SA may be fairly healthy but more transparency is required
YOU COULDN’T HELP a small twinge of satisfaction when Greece’s debt was downgraded to junk status – below South Africa’s investment grade status. Our fiscal situation is much healthier than that of the PIGS – Portugal, Italy, Greece and Spain. However, that’s not saying much, as the PIGS are in dire straits.
Let’s take a new look at SA’s “consolidated Government finances”. It’s narrow: it’s national and provincial government, as well as social security funds, such as the Unemployment Insurance Fund. A new look at consolidated government finance – which is the headline figure reported in newspapers – will find the situation much improved from the February Budget. A late windfall in revenue ensured the Budget deficit for the 2009/2010 fiscal year is now no longer 7,3% of gross domestic product but 6,8%. Though still much higher than the original Budget, it’s psychologically important the 7% level wasn’t breached.
What the revenue windfall also means is that the increase in revenue for the fiscal year that started in April is calculated off a higher base. That means the 12,6% increase budgeted for the 2010/2011 fiscal year will yield a higher rand value for revenue. It follows that the Budget deficit will be smaller (the deficit is the difference between spending and revenue). This pattern of higher revenues continues into future fiscal years, as each increase is coming off a higher base. So for the three-year period of the Budget, the deficits will be smaller than those announced in February.
Rand Merchant Bank says that, assuming Government’s revenue growth assumptions remain unchanged, the consolidated Budget deficit then declines to 5,8% of GDP in 2010/2011 and to 3,7% of GDP in 2012/1013 (the last year in the mediumterm framework). That compares favourably to the 6,2% and 4,1% projected in the Budget. But RMB believes revenue growth could be even stronger, given that the bank is expecting higher GDP growth than Government. RMB says applying the same revenue-to-GDP multipliers Government has assumed the Budget deficit projections for the current and past fiscal year in the medium-term framework become even more optimistic at 5,5% of GDP and 3,5%.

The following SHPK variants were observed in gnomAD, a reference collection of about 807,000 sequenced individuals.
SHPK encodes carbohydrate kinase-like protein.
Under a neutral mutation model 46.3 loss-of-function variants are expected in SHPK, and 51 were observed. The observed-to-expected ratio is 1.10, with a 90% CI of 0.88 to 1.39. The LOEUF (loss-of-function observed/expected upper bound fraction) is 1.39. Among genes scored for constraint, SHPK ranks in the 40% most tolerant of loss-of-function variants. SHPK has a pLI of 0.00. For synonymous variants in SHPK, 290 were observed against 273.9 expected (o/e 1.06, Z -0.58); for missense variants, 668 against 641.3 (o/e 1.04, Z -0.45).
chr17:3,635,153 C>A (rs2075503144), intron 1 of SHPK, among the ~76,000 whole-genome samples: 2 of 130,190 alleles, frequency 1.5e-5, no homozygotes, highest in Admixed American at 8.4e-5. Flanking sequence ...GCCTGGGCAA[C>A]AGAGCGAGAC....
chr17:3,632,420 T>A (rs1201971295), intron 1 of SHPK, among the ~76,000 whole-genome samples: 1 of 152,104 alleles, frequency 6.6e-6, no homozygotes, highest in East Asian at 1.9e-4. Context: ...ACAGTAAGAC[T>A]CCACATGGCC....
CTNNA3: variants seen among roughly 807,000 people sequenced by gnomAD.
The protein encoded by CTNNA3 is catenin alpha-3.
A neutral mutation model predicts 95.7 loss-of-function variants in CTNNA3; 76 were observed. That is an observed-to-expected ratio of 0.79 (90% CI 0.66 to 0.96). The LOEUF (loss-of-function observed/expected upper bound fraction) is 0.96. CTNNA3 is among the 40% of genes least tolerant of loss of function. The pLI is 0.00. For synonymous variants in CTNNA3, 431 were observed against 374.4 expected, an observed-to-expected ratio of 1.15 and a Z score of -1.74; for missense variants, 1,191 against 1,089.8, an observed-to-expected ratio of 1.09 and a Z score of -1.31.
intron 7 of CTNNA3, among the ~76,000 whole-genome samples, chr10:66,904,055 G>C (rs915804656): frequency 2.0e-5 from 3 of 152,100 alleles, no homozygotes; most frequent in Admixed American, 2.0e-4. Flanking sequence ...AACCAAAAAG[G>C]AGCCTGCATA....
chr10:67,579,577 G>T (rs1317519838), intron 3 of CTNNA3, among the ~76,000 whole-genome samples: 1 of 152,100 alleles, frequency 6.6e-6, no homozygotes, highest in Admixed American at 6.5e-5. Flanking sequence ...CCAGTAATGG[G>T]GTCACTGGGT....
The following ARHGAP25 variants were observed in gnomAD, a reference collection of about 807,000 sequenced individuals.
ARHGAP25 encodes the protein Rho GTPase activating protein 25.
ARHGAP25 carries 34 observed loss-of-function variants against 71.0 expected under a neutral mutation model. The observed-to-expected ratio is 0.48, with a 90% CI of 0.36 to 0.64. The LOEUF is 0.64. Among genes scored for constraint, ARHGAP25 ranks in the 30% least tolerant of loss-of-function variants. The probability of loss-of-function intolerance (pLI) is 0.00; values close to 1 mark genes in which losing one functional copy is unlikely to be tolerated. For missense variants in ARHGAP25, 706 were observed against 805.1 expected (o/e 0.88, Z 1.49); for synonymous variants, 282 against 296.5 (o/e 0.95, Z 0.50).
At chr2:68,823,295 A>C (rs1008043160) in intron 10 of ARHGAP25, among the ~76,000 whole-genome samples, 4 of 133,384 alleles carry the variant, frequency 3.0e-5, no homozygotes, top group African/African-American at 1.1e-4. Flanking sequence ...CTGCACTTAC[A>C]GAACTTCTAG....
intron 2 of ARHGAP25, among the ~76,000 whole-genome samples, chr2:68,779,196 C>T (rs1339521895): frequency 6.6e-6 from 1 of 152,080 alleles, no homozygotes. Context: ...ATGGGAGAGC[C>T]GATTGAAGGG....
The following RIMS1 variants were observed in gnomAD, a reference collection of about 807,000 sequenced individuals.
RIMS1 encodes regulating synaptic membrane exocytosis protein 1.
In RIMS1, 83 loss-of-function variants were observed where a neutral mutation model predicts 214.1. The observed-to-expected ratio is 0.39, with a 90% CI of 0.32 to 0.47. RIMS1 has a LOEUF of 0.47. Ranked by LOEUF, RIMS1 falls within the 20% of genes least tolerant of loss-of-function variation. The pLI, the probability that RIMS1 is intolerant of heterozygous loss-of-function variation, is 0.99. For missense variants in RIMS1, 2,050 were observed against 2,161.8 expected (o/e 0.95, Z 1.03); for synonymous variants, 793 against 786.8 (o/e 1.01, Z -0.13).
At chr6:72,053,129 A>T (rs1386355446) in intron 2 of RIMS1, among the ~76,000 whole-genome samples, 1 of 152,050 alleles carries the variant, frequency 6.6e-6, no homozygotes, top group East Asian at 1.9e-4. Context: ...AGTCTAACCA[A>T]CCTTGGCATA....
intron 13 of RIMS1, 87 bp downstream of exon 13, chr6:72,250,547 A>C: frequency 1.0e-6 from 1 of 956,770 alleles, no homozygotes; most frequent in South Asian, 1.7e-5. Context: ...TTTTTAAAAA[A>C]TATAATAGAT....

But that all assumes one thing: that Government doesn’t overspend. And that’s a pretty big assumption. RMB says there’s a risk the deficit outcomes will be the same as in the original Budget, because Government will overspend. The overspending will be “masked” by higher revenue than originally budgeted.
Still, this is far from a Greek tragedy. However, when you look at the public sector borrowing requirement (PSBR, which includes State-owned utilities, such as Eskom and Transnet) the picture is a lot less rosy. The public sector borrowing requirement is Budgeted at 11,1% of GDP in 2010/2011, 8,8% in 2011/2012 and 7,1% in 2012/2013. In the most recent fiscal year it was a whopping 11,8% of GDP – not that far off Greece’s budget deficit of more than 13% of GDP.
But it must be noted these figures will also have been affected by the higher revenue collection at national Government level. Currently, the Treasury only plans to revise all figures in October’s miniBudget. However, given the current international concern with budget deficits an earlier revision and announcement would make sense.
Revised or not, SA’s PSBR is high – though not in the PIGS’s league. More importantly, SA’s high deficit was incurred at a time when Government debt was low. Government’s net loan debt (that is, excluding its cash balances) was only 28,2% of GDP in the 2009/2010 fiscal year. Greece’s was 115%. SA’s net loan debt will be less than 40% in 2012/2013.
But that’s also a bit misleading, because it doesn’t include public sector debt. And as we have seen with Eskom, it can happen that falls on the shoulders of the taxpayer. It would be more transparent to show public sector debt as a percentage of GDP. Though SA’s fiscal position seems healthy, a bit more transparency is required.